We conduct research on the turnover of nutrients and carbon in Arctic waters, with a focus on how the production and degradation of phytoplankton algae influence the exchange of carbon dioxide between the sea and the atmosphere. We focus on the effects of climate change in terms of changes in the prevalence of sea ice in time and space and the effects of the increased supply of fresh water to the Arctic fjords as a result of melting glaciers and the ice sheet. We also conduct research on the turnover of nutrients and carbon in Danish waters, focusing on the linkage between the turnover in the seabed and the water column.
We conduct research on how eelgrass, macroalgae (seaweed) and other marine plants (salt marshes) can function as marine instruments by reducing the amount of available nutrients to plankton, absorbing, retaining and removing carbon dioxide (CO2) in the form of living biomass and increased organic content in the seabed (Blue Carbon), reducing the resuspension of bottom material and protecting the coast against erosion. In addition, we conduct research on aquaculture of seaweed to remove nitrogen and phosphorus from the coastal zone and the effects of establishing reef structures (stone reefs, hanging reefs and wind turbine foundations) on biodiversity, production and nutrient turnover.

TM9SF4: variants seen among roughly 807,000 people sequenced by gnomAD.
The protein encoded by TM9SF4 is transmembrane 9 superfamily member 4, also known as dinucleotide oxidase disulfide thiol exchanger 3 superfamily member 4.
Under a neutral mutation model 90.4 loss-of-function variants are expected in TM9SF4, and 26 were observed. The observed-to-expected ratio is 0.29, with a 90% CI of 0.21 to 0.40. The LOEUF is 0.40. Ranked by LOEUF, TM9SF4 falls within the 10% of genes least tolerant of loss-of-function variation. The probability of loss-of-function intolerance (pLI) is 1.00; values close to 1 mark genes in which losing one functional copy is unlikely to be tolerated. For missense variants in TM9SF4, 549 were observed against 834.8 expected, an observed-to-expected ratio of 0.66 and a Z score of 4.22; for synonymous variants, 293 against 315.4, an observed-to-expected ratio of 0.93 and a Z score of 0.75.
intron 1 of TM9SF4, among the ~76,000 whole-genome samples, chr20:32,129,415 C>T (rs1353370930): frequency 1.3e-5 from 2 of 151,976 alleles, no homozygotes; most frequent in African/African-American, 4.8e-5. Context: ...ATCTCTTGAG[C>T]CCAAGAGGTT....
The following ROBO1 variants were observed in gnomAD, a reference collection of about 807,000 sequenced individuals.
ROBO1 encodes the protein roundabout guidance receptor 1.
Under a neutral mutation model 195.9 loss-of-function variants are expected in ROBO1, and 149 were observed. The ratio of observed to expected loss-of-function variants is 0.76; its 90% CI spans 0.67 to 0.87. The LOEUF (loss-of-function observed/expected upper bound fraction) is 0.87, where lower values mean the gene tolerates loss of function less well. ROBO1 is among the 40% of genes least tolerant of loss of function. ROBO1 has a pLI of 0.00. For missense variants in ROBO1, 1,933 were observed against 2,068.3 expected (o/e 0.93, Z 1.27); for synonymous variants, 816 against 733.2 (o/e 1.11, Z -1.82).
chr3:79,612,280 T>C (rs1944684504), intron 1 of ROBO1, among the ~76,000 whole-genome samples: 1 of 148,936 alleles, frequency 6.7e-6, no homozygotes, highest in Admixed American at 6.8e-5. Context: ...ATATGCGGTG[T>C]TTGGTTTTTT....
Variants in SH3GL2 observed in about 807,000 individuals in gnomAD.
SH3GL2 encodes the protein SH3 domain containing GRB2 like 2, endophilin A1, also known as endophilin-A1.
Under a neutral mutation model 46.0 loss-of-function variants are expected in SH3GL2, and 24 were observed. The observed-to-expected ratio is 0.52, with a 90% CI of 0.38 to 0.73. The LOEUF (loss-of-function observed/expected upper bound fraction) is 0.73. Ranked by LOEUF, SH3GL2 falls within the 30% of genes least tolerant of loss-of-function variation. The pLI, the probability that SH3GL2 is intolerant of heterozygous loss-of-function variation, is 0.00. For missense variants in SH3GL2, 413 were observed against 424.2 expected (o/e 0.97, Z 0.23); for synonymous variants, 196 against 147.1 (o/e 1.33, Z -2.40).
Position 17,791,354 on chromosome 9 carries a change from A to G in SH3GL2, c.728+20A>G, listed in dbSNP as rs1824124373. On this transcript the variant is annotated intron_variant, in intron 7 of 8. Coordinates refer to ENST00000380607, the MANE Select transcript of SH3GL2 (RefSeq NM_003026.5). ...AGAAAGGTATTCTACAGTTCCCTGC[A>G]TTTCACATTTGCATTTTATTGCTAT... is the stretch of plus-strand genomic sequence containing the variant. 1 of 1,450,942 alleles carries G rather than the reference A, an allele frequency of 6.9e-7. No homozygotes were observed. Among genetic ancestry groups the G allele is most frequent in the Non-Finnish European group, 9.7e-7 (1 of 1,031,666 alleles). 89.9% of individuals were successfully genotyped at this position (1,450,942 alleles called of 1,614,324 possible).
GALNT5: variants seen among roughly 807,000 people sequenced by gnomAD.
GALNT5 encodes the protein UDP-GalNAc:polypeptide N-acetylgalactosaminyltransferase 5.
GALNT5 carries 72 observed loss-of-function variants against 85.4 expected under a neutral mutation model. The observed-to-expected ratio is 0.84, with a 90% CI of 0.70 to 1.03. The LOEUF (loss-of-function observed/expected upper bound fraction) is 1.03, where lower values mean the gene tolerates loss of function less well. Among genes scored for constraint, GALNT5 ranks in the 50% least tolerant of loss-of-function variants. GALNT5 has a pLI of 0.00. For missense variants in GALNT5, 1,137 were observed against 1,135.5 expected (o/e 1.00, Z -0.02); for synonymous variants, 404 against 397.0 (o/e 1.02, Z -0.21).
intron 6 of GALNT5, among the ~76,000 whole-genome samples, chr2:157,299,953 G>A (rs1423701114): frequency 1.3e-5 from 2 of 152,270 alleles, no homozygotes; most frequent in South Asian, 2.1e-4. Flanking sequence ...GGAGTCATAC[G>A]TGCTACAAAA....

We conduct research on the development of new methods based on new technology, e.g. in the form of drones, underwater video (including the use of "ROV"), satellite monitoring and digital imaging and analysis in connection with monitoring of and research in, among other things, the prevalence of eel grass and seaweed as well as algae blooms and jellyfish. We also study the use of environmental DNA (eDNA, small pieces of DNA) to trace the presence of marine plants and other organisms as well how they contribute to the carbon pool in the seabed.
We work with monitoring marine plankton (micro-algae and microzooplankton) as well as toxic algae and algae blooms for the Danish Environmental Protection Agency. Our research includes plankton dynamics in relation to nutrient availability, grazing from benthic fauna and zooplankton and hydrographic conditions. In addition, we study the long-term development of plankton communities, where we focus on the effects of climate change and eutrophication (increased nutrient input)/load with nutrients. We focus on biodiversity, non-native species (including invasive/harmful species) and algae blooms.
By far, the largest part of the marine surveillance is handled by the Danish Environmental Protection Agency (Denmark) and the Greenland Institute of Natural Resources (West Greenland). We are responsible for surveillance in East Greenland and some surveillance in West Greenland and Danish waters. In Denmark and West Greenland, we mainly contribute to monitoring as a consultant and sparring partner to the authorities re. the maintenance and development of monitoring. In addition, we are involved in the interpretation of surveillance data in a research context and in connection with the assessment of the state of the marine environment. We are academically responsible for national monitoring in Denmark.